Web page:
What are analog series and homologous series
As Alkanols In organic chemistry, one describes a group of substances that is derived from alkanes (saturated hydrocarbons). All alkanols have one or more hydroxyl group (s) as a functional group. Analogous compounds derived from unsaturated hydrocarbons are called alkenols (with one or more double bonds) and alkynols (with one or more triple bonds). The word Alkanols comes from the IUPAC nomenclature.
The terms alcohol and Alkanol are not synonymous. The term alcohol relates to the functionality of the hydroxyl group, while the term alkanol also defines the saturated character of the alkyl radical.
Valence of the alkanols
If there is more than one hydroxyl group in an alcohol molecule, their number is indicated by adding a Greek syllable (-di, -tri-, etc.) corresponding to the number of hydroxyl groups in front of the ending -ol and we speak of polyhydric alkanols. An alkanediol is the glycol (1,2-ethanediol), an alkanetriol the glycerine (1,2,3-propanetriol). The number in front of the name of the alkyl radical indicates the position of the functional group (s). This also applies to monohydric alkanols, e.g. B. 2-propanol (common name isopropanol).
The most important common characteristic of the alkanols is their hydrophilicity. This property decreases with increasing length of the alkyl radical and increases with the number of hydroxyl groups. The short-chain alkanols in particular are often used as solvents due to their amphiphilic character.
The homologous series of n-Alcanols is (up to C10):
The general formula of monohydric alkanols is C.nH2n + 1OH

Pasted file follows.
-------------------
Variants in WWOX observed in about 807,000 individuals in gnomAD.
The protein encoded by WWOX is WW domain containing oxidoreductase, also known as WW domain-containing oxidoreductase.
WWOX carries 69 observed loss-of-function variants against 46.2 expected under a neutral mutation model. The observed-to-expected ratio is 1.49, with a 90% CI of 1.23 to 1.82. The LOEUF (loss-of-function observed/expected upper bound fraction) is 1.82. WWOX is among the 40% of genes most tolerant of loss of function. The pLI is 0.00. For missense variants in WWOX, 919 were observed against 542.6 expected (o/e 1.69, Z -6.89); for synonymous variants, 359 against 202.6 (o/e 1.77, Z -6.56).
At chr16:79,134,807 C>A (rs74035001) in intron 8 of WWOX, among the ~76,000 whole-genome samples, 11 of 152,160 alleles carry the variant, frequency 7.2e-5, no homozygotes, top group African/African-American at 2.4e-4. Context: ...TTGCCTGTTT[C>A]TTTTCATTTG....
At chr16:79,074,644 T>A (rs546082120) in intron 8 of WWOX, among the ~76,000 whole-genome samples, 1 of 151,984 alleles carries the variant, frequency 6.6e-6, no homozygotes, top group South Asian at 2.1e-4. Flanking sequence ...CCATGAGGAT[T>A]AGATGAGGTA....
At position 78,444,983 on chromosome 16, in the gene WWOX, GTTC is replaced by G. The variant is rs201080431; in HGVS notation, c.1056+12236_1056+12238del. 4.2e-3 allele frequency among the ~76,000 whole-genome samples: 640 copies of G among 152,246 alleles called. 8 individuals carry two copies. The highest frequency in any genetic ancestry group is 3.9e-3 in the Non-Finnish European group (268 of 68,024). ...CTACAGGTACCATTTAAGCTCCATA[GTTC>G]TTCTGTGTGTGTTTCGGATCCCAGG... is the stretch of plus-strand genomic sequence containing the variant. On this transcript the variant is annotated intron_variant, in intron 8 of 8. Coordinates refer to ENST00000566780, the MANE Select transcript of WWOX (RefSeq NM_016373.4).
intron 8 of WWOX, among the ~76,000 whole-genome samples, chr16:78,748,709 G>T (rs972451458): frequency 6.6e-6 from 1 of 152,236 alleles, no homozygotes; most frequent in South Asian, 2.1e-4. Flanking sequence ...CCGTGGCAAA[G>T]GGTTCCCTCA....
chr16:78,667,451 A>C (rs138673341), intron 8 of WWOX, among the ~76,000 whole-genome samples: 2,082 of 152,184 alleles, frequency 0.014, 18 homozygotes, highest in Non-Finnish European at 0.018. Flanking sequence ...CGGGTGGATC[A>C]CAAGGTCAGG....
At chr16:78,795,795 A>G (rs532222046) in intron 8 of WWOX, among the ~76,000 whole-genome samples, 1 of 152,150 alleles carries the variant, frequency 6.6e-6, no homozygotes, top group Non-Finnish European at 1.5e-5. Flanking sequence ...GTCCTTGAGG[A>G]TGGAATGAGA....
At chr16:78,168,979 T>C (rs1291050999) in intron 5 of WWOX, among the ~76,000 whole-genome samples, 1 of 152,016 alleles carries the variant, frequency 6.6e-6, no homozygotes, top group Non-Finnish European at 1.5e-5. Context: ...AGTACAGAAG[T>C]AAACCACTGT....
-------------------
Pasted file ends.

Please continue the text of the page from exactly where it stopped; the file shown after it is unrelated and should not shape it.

Most detection reactions are based on the oxidation of the alkanols to aldehydes, ketones and carboxylic acids.
Alkanols react with (yellow-orange) dichromate ions in a strong sulfuric acid solution to green chromium (III) and oxidation products (Alcotest):
A concentrated (yellow) solution of cerium (IV) ammonium nitrate is mixed with a dilute solution of the unknown substance. The presence of alkanols causes a color change to red (sometimes also green). The reason is a complex formation (ligand substitution) in which an alcohol / phenol coordinates with the oxygen atom on cerium (IV) to form a red / green / brown complex.
The Lucas reagent allows you to differentiate between primary, secondary and tertiary alkanols. The hydroxyl group is replaced with a chlorine atom via a nucleophilic substitution. The result is the formation of a water-insoluble substance that is deposited. The speed of this phase formation determines the type of alkanol:
- Tertiary alkanols react quickly even at room temperature,
- the reaction of secondary alkanols usually takes a few minutes; sometimes even has to be heated,
- Primary alkanols react very slowly, with prolonged heating or not at all.
Categories: Fabric Group | alcohol
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